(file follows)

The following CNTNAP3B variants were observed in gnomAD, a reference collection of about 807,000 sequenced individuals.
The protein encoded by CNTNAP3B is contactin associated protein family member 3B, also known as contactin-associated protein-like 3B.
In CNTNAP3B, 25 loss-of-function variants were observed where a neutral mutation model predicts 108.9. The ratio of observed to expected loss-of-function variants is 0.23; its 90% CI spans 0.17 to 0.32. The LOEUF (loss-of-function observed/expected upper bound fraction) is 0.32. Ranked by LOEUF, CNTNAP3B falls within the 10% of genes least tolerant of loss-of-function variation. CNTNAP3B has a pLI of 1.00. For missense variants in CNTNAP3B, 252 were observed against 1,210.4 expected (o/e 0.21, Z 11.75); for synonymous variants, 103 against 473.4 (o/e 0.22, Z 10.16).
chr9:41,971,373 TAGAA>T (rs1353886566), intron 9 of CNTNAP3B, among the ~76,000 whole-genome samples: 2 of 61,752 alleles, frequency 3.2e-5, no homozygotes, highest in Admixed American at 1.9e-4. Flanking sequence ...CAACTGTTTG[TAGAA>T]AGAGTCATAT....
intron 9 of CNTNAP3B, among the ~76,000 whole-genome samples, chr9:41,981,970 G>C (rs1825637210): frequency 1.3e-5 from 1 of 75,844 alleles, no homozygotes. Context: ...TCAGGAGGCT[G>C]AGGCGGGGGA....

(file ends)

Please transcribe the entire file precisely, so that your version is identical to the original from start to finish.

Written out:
The following CNTNAP3B variants were observed in gnomAD, a reference collection of about 807,000 sequenced individuals.
The protein encoded by CNTNAP3B is contactin associated protein family member 3B, also known as contactin-associated protein-like 3B.
In CNTNAP3B, 25 loss-of-function variants were observed where a neutral mutation model predicts 108.9. The ratio of observed to expected loss-of-function variants is 0.23; its 90% CI spans 0.17 to 0.32. The LOEUF (loss-of-function observed/expected upper bound fraction) is 0.32. Ranked by LOEUF, CNTNAP3B falls within the 10% of genes least tolerant of loss-of-function variation. CNTNAP3B has a pLI of 1.00. For missense variants in CNTNAP3B, 252 were observed against 1,210.4 expected (o/e 0.21, Z 11.75); for synonymous variants, 103 against 473.4 (o/e 0.22, Z 10.16).
chr9:41,971,373 TAGAA>T (rs1353886566), intron 9 of CNTNAP3B, among the ~76,000 whole-genome samples: 2 of 61,752 alleles, frequency 3.2e-5, no homozygotes, highest in Admixed American at 1.9e-4. Flanking sequence ...CAACTGTTTG[TAGAA>T]AGAGTCATAT....
intron 9 of CNTNAP3B, among the ~76,000 whole-genome samples, chr9:41,981,970 G>C (rs1825637210): frequency 1.3e-5 from 1 of 75,844 alleles, no homozygotes. Context: ...TCAGGAGGCT[G>C]AGGCGGGGGA....